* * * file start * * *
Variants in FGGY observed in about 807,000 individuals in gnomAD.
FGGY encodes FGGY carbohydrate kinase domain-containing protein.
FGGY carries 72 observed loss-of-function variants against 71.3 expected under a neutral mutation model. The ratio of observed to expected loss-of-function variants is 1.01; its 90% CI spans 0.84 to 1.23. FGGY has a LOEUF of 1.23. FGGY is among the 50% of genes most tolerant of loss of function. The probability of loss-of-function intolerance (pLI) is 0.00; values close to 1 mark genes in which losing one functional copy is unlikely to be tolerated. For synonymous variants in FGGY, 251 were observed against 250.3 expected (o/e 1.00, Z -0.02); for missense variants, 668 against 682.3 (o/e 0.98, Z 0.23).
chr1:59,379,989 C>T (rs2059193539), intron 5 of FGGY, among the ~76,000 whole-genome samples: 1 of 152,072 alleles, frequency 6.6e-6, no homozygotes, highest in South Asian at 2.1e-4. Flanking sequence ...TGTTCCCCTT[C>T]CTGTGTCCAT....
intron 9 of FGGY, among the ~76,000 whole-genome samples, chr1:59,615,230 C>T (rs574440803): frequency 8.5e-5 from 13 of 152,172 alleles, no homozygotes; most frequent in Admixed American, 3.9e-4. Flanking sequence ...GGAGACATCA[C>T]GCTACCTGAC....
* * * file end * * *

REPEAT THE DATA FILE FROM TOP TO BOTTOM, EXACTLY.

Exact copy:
Variants in FGGY observed in about 807,000 individuals in gnomAD.
FGGY encodes FGGY carbohydrate kinase domain-containing protein.
FGGY carries 72 observed loss-of-function variants against 71.3 expected under a neutral mutation model. The ratio of observed to expected loss-of-function variants is 1.01; its 90% CI spans 0.84 to 1.23. FGGY has a LOEUF of 1.23. FGGY is among the 50% of genes most tolerant of loss of function. The probability of loss-of-function intolerance (pLI) is 0.00; values close to 1 mark genes in which losing one functional copy is unlikely to be tolerated. For synonymous variants in FGGY, 251 were observed against 250.3 expected (o/e 1.00, Z -0.02); for missense variants, 668 against 682.3 (o/e 0.98, Z 0.23).
chr1:59,379,989 C>T (rs2059193539), intron 5 of FGGY, among the ~76,000 whole-genome samples: 1 of 152,072 alleles, frequency 6.6e-6, no homozygotes, highest in South Asian at 2.1e-4. Flanking sequence ...TGTTCCCCTT[C>T]CTGTGTCCAT....
intron 9 of FGGY, among the ~76,000 whole-genome samples, chr1:59,615,230 C>T (rs574440803): frequency 8.5e-5 from 13 of 152,172 alleles, no homozygotes; most frequent in Admixed American, 3.9e-4. Flanking sequence ...GGAGACATCA[C>T]GCTACCTGAC....